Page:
(BEGIN VIDEOTAPE)

RAJU (on-camera): Is there any evidence to substantiate what he's been saying about President Obama spying on him?

REP. ADAM SCHIFF (D), RANKING MEMBER INTELLIGENCE COMMITTEE: I haven't seen any evidence whatsoever to substantiate that. And I think when Sean Spicer isn't even willing to talk about it. You know there's a real problem.

RAJU (on-camera): Do you think that March 20th, that hearing, Comey is going to be prepared to talk about this issue?

SCHIFF: He's certainly prepared for the question. And I don't see any reason why he can't answer it. He may even welcome the opportunity.

(END VIDEO CLIP)

RAJU: So, interesting there, two things there. They had this meeting yesterday, this classified meeting. He was in this, one of the eight members who got a chance to talk to James Comey. He still has not seen any evidence of wiretapping. And we know James Comey from our CNN reporting was not happy with the fact that the president accused Barack Obama of wiretapping.

So this is a topic that you would assume came up in this meeting. And also, saying that Comey may welcome the opportunity to discuss this at that march 20th hearing. That's the first public hearing of the House Intelligence Committee where Comey is expected to testify. Perhaps he may rebut the President of the United States in that hearing. Now, one other point, I asked him if he's seen any evidence of contacts between Russian officials and the Trump campaign during the election. He would not comment on that either, even as Devin Nunes, the Republican chairman, has dismissed that idea.

BERMAN: It was interesting though, maybe some Congressional foreshadowing there about what the FBI director maybe saying. --

HARLOW: We would welcome the question.

BERMAN: Fascinating, Manu Raju, great reporting.

HARLOW: Great job.

BERMAN: Thanks so much for being with us. Before we go back to the battle over repeal and replace Obamacare.

Joining us right now is Republican Congressman Joe Wilson of South Carolina. Congressman Wilson, we know as of now you support the bill as written. We also learned overnight that the White House may be now willing to support some changes in this bill that conservatives are asking for. Conservatives are asking for perhaps halting the expansion of Medicaid earlier, cuts to Medicaid earlier, more quickly than before. Would you support those changes?

REP. JOE WILSON (R), SOUTH CAROLINA AND ARMED SERVICES COMMITTEE: Well, John, actually I appreciate what Poppy pointed out, we're living up to the promises we made to repeal Obamacare.

[10:25:01] And now, I appreciate the explanation that we're in a three-step process. We have legislation now. We had the administrative actions that the secretary of HHS, Tom Price, can make. And subsequent legislation in fact this week, Virginia Foxx led the fight on Education workforce successfully, for association health plan. So, we are following through, Poppy, on the promises we made to the American people.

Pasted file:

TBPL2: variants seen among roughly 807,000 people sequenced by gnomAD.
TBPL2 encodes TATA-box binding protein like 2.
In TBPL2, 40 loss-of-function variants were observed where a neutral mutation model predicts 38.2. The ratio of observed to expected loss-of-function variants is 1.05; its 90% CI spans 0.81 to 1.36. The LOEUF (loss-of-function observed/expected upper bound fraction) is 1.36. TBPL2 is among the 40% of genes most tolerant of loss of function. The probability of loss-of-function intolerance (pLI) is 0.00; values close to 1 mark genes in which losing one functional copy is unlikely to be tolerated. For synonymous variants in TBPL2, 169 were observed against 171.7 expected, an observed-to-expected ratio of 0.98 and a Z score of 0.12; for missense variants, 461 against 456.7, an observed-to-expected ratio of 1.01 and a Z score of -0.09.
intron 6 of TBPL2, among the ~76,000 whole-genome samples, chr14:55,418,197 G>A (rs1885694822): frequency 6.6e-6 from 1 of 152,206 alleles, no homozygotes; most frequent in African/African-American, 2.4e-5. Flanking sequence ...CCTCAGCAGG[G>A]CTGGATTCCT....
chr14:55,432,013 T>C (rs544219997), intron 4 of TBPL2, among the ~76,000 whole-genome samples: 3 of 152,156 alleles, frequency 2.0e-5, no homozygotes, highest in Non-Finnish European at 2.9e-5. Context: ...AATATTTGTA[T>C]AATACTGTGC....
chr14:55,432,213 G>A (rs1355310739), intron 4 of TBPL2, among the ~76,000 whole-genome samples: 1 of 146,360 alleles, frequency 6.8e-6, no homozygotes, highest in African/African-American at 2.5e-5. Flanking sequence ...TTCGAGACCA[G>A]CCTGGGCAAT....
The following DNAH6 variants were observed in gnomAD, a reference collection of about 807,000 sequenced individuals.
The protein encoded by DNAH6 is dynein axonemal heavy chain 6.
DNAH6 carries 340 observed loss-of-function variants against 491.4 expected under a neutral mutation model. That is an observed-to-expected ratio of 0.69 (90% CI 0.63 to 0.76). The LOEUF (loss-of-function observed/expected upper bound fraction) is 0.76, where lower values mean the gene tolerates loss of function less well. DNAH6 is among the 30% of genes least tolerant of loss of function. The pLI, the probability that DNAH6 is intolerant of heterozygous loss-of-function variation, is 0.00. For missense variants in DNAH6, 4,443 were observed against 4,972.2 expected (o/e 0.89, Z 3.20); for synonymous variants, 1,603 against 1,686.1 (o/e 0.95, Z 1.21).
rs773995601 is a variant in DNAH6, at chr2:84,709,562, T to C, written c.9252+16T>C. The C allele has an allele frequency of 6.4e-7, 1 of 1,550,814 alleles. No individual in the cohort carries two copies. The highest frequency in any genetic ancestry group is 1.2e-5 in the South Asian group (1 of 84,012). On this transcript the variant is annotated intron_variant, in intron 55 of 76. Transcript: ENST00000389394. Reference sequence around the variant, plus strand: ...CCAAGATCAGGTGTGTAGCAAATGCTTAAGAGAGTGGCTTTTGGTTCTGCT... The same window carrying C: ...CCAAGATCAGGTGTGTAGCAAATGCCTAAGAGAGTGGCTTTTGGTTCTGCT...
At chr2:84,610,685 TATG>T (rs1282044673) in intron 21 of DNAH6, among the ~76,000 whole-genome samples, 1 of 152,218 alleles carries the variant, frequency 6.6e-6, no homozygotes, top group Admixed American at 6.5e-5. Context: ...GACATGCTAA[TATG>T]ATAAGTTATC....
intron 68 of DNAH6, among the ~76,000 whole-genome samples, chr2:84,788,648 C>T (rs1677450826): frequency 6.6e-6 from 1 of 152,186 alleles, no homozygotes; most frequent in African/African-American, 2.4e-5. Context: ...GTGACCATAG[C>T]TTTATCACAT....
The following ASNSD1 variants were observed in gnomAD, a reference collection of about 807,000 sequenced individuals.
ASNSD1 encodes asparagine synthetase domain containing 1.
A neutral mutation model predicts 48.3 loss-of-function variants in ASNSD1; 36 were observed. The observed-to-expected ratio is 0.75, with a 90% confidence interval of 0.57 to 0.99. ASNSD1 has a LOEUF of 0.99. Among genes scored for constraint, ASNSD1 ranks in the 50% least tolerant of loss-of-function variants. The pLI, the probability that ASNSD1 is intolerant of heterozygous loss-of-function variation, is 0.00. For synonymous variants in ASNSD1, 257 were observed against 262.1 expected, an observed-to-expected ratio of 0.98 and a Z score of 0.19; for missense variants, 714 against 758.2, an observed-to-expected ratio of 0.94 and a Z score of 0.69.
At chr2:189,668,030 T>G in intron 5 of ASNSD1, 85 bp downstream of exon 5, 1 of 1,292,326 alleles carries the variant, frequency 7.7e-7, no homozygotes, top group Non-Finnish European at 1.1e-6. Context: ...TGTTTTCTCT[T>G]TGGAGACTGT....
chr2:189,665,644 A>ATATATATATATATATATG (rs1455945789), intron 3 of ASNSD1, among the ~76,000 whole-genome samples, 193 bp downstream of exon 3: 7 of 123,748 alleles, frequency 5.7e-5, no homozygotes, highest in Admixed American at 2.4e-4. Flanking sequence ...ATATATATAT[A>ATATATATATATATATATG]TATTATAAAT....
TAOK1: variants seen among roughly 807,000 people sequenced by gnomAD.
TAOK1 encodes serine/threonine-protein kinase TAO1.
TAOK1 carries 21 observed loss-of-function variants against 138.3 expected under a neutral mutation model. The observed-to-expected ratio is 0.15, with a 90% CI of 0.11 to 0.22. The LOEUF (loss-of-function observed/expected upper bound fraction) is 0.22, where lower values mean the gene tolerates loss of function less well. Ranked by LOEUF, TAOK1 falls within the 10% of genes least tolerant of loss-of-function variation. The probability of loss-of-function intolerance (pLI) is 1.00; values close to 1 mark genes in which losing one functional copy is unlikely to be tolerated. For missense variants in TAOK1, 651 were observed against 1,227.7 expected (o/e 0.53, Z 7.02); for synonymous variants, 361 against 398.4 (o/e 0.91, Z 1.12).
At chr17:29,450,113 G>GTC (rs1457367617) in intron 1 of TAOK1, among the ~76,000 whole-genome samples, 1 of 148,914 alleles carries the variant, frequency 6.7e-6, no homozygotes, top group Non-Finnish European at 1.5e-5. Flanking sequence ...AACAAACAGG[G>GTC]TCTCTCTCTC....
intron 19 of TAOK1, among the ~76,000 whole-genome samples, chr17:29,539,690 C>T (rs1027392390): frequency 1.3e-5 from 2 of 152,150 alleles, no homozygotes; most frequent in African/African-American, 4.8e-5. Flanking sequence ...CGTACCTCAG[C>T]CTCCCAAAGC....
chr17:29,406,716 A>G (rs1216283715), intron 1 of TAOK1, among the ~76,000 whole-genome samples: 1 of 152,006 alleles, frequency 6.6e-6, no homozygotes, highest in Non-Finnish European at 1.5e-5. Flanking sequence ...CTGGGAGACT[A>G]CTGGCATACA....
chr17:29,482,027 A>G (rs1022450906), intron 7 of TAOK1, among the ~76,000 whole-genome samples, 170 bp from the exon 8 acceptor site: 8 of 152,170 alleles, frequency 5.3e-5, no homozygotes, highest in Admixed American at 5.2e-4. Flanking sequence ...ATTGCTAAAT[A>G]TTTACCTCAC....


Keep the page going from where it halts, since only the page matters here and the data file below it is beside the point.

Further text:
HARLOW: But not totally, if you go with this bill, you're not, because what was promised -

WILSON: Well -

HARLOW: What was promised by the president is a complete repeal of Obamacare and some of the key parts are going to stay in this bill. And that's why members of the Freedom Caucus and others don't like this one at all.

WILSON: And Poppy, you're right, and that's how we addressed it, but it's three steps, and indeed, to face the requirements of reconciliation, so that we can get anything through the Senate, I'm really grateful, it's step by step, we're into this, we're going to fulfill the promises that were made. We're going to provide a better health care system for the American people that cover everyone, where they have choices and options with tax credits.

HARLOW: But Congressman, just to be fair, you say we're going to cover everyone. Brookings came out and said, with this Medicaid expansion, if you do away with it right away, you're going to possibly have 15 million Americans not covered. S&P Global just came out. The reports this week said 10 million Americans might not be covered. Are you sure you can make that promise to the American people?

WILSON: We can, Poppy. And good people can come up with different definitions. But I know that I'm working with the community health centers in the district I represent, people who are so talented and truly care about the citizens of our community. So over and over I see ways to assist persons who need help. And we're going to provide that. But we're also going to repeal Obamacare.

BERMAN: But Congressman, again, to my very first question here, if the Medicaid provisions are changed, you know, rolling back Medicaid more quickly, do you support that change? Do you think it's a good move to get this bill through?

WILSON: Well, actually I'm very proud, Governor Nikki Haley, my home governor, pointed out the flaws of the Medicaid expansion. It was not sustainable. So from the beginning, it's not going to work. And so I'm delighted that changes are coming. And we get the give and take, the input from different members of the Republican Conference, and bipartisan, I hope too. And we can come up with changes that actually do address the concerns of the American people.

HARLOW: But again, just to get to the core of John's question, do you believe that that solves the problem? That you know, if you sunset the Medicaid expansion, you know, within a year from now would be -- does that help get it through the House, but then what do you do in the Senate with the moderate Republicans?

WILSON: Well, the good news is it's a legislative process. I'm confident the leadership of Speaker Paul Ryan, we've got extraordinary leadership, that we'll get it through the House. And then, I look forward that we have input obviously by the U.S. Senate, and then we'll get a bill to the president to repeal Obamacare.

BERMAN: Congressman Joe Wilson of South Carolina, great to have you with us.

WILSON: Thank you, best wishes.

HARLOW: Health care reform. This is where the art of the deal needs to kick in for the president. Can the man who -- literally wrote the book on it make it happen?